Ravenmark: Scourge of Estellion is a solid tactical game, but its roleplaying elements are light, leading to a bit of a missed opportunity. Thankfully the tactical combat holds up quite well, making this title worth a peek for fans of fantasy tactics games.
For starters, it is worth mentioning that Ravenmark: Scourge of Estellion is a PC port of a mobile game. Said game received outstanding reviews when it came out, but I cannot help but feel that the bar does tend to get set lower on mobile than it is on a PC. There is just more expectation that the PC will leverage its power to create a better title. Instead, we have a relatively straight port that has clean, simple graphics, pleasant enough sound, but not quite as much depth as one would like when weighed against similar PC games.
The biggest problem I have with Ravenmark is that it bills itself as an RPG, but in truth that is mostly due to the story. The characters are fairly average, though the fantasy story and world around them actually has some potential to be expanded upon. The tale is set in the world of Eclisse as the empire tries to fend off waves of invaders. However, your characters are not making any choices, and you are not upgrading characters or their units either. Usually when I think of an RPG/strategy hybrid, I expect to see some experience earning, maybe advancement of classes, or even choices to be made along the way that might dictate where you fight next. Unfortunately none of those elements are present, watering down the experience and severely hampering its potential replay value.
You meet a good number of characters along the way, and they have different traits and strengths that make them seem more like actual people. However, that lack of control over the story rears its head again, as commanders are simply assigned at the start of a map. You will have your favorites I am sure – but you won’t have full control over when or if you get to use them.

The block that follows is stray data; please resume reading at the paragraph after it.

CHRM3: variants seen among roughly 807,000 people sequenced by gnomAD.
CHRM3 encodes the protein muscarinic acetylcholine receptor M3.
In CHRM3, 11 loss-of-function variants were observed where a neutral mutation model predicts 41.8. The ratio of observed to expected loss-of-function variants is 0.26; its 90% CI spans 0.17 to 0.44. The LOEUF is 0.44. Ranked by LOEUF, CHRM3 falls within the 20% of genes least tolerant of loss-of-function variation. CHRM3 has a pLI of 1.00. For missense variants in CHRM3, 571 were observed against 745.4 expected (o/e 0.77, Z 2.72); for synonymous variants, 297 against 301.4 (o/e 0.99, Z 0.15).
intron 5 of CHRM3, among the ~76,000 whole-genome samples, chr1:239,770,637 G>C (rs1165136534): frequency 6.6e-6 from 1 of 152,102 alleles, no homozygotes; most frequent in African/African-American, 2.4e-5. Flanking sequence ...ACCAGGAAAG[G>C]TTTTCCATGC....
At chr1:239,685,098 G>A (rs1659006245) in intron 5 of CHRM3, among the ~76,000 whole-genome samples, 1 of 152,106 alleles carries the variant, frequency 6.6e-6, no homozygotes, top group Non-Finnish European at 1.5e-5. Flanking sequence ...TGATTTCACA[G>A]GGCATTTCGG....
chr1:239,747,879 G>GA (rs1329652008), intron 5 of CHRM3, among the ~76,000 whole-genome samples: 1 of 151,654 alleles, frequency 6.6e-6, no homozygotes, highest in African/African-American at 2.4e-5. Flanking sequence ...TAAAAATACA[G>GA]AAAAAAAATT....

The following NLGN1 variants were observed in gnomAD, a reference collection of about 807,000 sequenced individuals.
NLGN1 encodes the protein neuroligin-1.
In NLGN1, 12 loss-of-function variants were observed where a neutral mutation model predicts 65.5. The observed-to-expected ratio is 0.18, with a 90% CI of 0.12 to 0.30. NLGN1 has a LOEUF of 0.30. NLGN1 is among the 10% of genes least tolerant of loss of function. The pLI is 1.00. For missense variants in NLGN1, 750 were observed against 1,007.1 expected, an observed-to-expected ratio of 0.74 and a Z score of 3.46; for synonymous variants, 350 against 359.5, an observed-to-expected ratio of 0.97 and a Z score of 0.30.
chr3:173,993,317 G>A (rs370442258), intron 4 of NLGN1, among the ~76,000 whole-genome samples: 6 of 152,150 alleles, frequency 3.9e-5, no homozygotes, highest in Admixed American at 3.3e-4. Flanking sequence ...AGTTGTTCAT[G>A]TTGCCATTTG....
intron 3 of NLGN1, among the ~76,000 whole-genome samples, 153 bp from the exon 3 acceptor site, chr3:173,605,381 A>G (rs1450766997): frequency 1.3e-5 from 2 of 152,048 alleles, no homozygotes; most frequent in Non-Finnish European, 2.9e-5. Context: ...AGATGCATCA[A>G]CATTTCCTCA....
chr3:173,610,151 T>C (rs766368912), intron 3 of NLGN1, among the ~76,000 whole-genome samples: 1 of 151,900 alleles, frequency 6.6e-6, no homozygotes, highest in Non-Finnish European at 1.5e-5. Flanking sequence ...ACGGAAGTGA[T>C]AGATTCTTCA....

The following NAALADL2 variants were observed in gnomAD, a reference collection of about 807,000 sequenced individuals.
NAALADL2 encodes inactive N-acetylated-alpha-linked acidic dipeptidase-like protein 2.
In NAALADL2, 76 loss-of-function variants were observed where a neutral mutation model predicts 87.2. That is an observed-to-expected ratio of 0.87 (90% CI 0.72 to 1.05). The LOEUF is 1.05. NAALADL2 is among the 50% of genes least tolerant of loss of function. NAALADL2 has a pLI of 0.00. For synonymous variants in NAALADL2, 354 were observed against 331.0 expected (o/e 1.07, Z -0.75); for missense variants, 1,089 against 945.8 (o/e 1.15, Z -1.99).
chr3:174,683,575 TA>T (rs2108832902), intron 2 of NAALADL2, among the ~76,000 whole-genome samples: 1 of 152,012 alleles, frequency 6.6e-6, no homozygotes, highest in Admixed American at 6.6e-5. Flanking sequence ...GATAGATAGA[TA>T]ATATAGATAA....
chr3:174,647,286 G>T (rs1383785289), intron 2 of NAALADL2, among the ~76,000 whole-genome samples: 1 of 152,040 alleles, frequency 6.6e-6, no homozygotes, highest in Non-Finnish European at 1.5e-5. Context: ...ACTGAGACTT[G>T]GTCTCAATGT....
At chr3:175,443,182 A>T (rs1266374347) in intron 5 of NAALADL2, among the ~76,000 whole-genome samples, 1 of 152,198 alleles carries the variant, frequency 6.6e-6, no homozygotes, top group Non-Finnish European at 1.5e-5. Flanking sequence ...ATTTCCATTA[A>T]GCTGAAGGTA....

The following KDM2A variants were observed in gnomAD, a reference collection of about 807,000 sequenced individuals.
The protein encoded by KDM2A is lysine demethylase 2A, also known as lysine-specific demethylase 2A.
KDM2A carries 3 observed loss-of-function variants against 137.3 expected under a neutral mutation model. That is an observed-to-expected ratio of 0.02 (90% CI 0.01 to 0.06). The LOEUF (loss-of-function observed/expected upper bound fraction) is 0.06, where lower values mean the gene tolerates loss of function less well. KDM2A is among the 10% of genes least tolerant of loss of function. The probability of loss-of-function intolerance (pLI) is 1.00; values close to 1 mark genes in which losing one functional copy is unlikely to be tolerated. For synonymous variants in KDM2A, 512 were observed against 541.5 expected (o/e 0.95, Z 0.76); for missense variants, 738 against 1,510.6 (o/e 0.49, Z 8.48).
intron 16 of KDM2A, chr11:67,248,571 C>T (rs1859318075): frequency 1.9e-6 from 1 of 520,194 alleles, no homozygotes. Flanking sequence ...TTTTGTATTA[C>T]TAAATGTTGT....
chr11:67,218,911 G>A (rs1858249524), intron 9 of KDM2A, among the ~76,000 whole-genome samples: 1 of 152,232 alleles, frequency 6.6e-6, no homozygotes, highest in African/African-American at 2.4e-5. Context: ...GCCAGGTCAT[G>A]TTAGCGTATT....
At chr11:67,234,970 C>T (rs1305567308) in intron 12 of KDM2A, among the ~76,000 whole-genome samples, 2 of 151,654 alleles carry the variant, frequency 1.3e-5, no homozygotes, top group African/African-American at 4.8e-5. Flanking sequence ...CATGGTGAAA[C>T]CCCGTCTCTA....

However, Ravenmark can hang its hat on a solid tactical experience. The formula for doling out a limited number of commands among your troops actually creates a very interesting pace as you try to figure out how to best position and align your units. Formation are the standout feature here, as you combine units to create a formation that gains additional advantages in battle over what they might were they standing alone against the enemy. Keeping formations light and small means you can react more quickly to an enemy, while creating an overwhelming juggernaut generally means that your units are going to be quite slow as they move across the battlefield. Without a doubt, formations was my favorite part of the game. This is aided by well-designed maps and an accessible learning curve and while the story does not branch at all, the maps will keep you busy for a while. Add in things like a unit’s direction or how terrain can impact the battle, and you have the recipe for something that actually feels unique.
At the end of the day, Ravenmark: Scourge of Estellion has some really good ideas that work well for a tactical game. There is enough nuance and originality that the system could be employed in future games and really create something interesting and fresh. However, there are several areas in which this game could be grown out and improved as well. Even if choices are more cosmetic than not, having them and allowing the player to develop the units and/or commanders would make them more invested in the outcome. I would also strongly recommend some variance in the maps so that campaigns are less linear. Ravenmark misses the mark as an RPG or strategy game, but its tactics are good enough to keep it afloat.
|Developer(s)||Witching Hour Studios|
Article by Nick